California Plein-Air Artists
In the early 1920’s Southern California was beginning to become populated with more and more people. Los Angeles was growing; the idea of suburbs was just getting started. The era of the French Impressionist period in Europe was trending down. California artists were becoming unhappy with development that was starting all around them. The idea of painting California scenery was starting to grow with a passion because artists did not want to give up this beautiful scenery to builders of factories and housing tracts.
These artists started to be called “California Impressionists”. They wanted to memorialize the beauty of what they saw in the Southern California landscape before the destruction began. That was the opposite of how the French Impressionists saw it. They embraced change in their paintings, but the Californians saw it differently. They embraced the notion of Old-World charm where there was none in many instances. By the 1930’s many small towns were springing up on the outskirts of Los Angeles with strings of electric lights and telephone lines.
Many artists didn’t express themselves publicly about how they felt about this change; but they oil painted pastoral farm scenes and seascapes along the coast that gives one a romantic and nostalgic feeling to look at them to this day. They believed in beauty above truth in order to escape from the unpleasant reality in the changes of the time. The serenity of orchards in bloom, tree-shaded farmhouses, and sunny hillsides gave their paintings a quality of escapism in the “land of the afternoon”.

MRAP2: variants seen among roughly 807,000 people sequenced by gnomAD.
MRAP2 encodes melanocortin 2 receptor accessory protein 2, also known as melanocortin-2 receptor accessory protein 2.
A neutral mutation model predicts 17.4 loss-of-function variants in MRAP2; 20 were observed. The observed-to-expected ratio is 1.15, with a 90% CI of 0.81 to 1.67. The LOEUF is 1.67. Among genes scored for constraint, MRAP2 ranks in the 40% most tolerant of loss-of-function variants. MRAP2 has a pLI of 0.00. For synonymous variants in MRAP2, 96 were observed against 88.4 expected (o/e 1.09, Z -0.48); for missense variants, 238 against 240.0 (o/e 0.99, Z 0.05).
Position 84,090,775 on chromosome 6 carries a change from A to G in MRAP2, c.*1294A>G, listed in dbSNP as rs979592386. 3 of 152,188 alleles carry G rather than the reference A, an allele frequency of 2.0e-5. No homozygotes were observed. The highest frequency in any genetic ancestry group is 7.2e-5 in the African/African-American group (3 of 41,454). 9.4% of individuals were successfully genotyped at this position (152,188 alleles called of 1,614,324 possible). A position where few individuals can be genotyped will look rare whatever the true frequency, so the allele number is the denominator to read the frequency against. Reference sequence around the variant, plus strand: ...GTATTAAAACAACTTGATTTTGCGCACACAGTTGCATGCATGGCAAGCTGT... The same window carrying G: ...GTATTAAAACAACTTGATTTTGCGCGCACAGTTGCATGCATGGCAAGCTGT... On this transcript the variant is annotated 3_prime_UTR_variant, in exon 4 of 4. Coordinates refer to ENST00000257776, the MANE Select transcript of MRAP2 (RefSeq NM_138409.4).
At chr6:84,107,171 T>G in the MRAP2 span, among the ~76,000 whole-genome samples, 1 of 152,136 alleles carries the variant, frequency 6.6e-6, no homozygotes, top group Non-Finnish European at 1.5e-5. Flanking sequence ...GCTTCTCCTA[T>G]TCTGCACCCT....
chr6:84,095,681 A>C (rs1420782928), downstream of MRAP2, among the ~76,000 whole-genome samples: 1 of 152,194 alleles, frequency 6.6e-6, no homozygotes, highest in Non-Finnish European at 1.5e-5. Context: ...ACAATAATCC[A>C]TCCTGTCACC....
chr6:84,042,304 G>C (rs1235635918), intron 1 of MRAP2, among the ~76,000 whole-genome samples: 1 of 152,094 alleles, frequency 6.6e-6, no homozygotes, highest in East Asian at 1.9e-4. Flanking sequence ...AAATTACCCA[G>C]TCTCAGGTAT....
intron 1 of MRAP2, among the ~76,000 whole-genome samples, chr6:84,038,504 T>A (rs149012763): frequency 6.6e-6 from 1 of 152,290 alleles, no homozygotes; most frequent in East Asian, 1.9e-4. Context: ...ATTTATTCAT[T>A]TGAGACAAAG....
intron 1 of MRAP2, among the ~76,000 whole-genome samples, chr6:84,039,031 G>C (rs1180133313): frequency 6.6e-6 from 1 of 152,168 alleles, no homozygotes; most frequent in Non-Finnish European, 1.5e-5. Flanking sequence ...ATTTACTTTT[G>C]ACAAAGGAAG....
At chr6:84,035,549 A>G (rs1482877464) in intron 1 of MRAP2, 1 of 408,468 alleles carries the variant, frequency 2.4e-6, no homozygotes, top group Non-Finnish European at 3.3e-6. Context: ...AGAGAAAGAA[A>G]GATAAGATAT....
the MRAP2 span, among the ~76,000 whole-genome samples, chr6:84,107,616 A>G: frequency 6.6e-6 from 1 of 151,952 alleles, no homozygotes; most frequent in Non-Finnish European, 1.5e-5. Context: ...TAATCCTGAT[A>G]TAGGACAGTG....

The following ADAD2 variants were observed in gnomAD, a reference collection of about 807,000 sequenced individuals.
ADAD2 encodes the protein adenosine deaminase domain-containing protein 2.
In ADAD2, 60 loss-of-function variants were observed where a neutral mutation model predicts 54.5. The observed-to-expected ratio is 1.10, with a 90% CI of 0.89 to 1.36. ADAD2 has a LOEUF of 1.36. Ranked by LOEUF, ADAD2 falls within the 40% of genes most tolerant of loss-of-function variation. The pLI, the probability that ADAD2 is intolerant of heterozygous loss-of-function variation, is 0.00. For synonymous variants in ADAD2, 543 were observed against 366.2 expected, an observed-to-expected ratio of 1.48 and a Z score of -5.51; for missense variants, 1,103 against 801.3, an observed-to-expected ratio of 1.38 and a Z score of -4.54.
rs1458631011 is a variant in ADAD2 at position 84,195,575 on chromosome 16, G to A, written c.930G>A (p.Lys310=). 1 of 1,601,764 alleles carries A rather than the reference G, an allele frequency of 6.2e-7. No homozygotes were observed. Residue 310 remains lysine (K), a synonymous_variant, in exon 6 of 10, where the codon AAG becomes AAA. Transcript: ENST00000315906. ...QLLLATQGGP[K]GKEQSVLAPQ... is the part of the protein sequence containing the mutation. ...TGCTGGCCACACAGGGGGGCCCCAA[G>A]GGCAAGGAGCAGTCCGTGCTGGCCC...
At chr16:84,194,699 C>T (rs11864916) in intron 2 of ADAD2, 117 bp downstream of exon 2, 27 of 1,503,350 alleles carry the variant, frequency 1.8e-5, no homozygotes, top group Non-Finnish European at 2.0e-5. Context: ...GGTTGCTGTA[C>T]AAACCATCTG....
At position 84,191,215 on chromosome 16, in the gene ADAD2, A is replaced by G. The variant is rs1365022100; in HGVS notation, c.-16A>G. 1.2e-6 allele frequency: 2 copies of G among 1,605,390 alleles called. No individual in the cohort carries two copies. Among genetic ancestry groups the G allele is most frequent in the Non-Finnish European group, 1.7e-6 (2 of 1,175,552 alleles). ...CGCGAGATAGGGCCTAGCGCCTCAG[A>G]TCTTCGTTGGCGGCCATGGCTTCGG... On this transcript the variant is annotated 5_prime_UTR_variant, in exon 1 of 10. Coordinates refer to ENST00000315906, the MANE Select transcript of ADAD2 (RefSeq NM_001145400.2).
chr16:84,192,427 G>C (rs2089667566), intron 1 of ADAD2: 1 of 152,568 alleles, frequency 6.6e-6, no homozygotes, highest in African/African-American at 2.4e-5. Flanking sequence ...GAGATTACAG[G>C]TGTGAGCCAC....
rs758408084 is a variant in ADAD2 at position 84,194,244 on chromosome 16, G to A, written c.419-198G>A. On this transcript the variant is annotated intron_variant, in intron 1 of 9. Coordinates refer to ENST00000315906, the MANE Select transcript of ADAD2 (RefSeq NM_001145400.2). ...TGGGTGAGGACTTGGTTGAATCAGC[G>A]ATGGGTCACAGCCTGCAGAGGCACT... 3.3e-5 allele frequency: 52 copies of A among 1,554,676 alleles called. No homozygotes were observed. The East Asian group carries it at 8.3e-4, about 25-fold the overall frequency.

In reality, for example, farms were mostly owned by corporate monopolies. It had become very difficult to own a family farm by then. The “serene” world of farm work was done mostly by immigrant workers who did back-breaking labor in the fields. The California Impressionists preferred not to see this reality in their paintings. They painted lovely scenes devoid of people. It is obvious they had a deep response to the sprawl that was around them.
Many landscape painters came out to paint the disappearing orange groves and the coastal mountains in droves. They attempted to memorialize what they saw by putting it on canvas. Their art was a direct response to the huge sprawl that would be coming and forever change California.